On March 11, the World Health Organization officially characterized the coronavirus (COVID-19) outbreak as a pandemic. During the outbreak, many employers around the world are seeking to prioritize the well-being and safety of their employees by asking them to work remotely instead of risking exposure while commuting and working in populated office spaces. Organizations need to take into account increased risks to the security of their networks, systems, and data during this time.
As employees head home, there is a potential for increased risk of exposure of sensitive data. One area of concern is that employees may take shortcuts to ease working on personal devices or outside of the organization’s environment. For example, employees may send emails to personal accounts with sensitive data attached or upload that data to personal cloud-storage accounts. These incidents of data being sent outside an organization’s network could potentially create an obligation to notify customers, regulators, or individuals under various laws, regulations, and contracts. For purposes of convenience, employees may also be tempted to take home sensitive documents that would otherwise remain in the office, thereby increasing the risk of loss, theft, or external exposure. Additional risks might arise if employees download information to personal devices. Working on personal devices may be convenient for employees who have not been equipped with employer-provided hardware, but the risks associated with the use of unsecured devices can be significant, particularly if those devices are able to connect to the organization’s network or systems remotely.
Organizations also can expect to see cyberattackers attempt to exploit this unfortunate situation. For example, attackers seeking to capitalize on fears associated with the pandemic could send phishing emails purporting to contain important updates to organizational policies associated with the outbreak, requesting that employees validate their credentials, or asking employees to install additional software to permit remote connectivity. These sorts of phishing attacks could provide attackers with opportunities to infiltrate the organization’s networks and systems. In addition, organizations may expect to see attacks increase on systems and networks operated by third-party service providers that are supporting the applications and data flows necessary to facilitate an effective remote workforce.
In addition, employer networks may be subject to increased risk of intrusion when significant numbers of their employees work from remote locations. Organizations may lack the infrastructure in place to support remote working by a large portion, or even all, of their workforce. As employers scramble to bolster their ability to support remote working, overburdening of IT infrastructure and rapid deployment decisions may create vulnerabilities that invite unwelcomed intrusions, increase the odds that malicious activity goes undetected as usage patterns generally veer outside the normal course, or increase the risk that malware might find its way onto internal networks. These risks increase if (i) employees are more frequently accessing the organization’s network via unsecured networks, (ii) there is increased reliance on third-party applications and services, (iii) monitoring and logging capabilities are diminished through increased use of remote access, or (iv) network security is weakened due to increased remote connectivity.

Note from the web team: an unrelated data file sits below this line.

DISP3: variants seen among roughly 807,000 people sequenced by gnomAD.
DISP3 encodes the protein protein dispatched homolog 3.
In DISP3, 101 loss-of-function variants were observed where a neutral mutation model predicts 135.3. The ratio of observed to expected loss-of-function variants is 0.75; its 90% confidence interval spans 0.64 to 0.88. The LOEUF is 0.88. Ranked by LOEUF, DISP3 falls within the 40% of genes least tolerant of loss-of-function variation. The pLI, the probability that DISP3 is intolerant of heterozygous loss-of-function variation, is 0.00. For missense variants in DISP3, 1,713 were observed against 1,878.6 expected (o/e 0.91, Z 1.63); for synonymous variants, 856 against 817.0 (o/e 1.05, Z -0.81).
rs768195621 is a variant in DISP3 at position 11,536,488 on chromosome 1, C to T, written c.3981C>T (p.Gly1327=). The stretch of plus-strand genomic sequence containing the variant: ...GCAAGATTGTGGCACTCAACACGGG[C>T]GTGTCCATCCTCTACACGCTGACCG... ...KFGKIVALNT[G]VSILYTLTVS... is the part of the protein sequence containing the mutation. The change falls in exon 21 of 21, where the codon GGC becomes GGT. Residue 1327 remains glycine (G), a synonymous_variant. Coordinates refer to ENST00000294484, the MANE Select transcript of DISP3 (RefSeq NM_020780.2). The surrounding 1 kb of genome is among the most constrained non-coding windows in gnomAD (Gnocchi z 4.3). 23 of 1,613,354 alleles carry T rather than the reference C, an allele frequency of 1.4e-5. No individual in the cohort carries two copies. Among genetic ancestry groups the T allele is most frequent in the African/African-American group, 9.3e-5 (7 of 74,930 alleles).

The increased risks to data and network security could expose weaker cybersecurity practices if organizations have not yet adopted robust security measures for these circumstances or communicated those practices to employees through training and internal policies. Organizations may wish to address data security topics in guidance shared with employees regarding remote working. Even if policies for remote working already are in place, it may be worth reminding employees of their obligations to help security the organization’s network, systems, and sensitive data when they are working from home. Organizations may also see value in confirming that their monitoring and auditing capabilities remain sufficient to detect and thwart cyberattack activity during this period of uncertainty and shifting work norms. Data protection regulators and cybersecurity authorities are issuing guidance and recommendations in light of the coronavirus situation; for example, the Cybersecurity and Infrastructure Security Agency (CISA) published an alert on VPN security.
In-house counsel whose responsibilities include privacy and cybersecurity can play a leading role in their organization’s efforts to adapt to this new and rapidly changing workplace paradigm. Partnering with the IT, cybersecurity, HR/employment, and risk functions, in-house counsel are uniquely positioned to assist with the assessment of the evolving threat landscape and modify the organization’s privacy and cybersecurity programs, policies, and practices accordingly.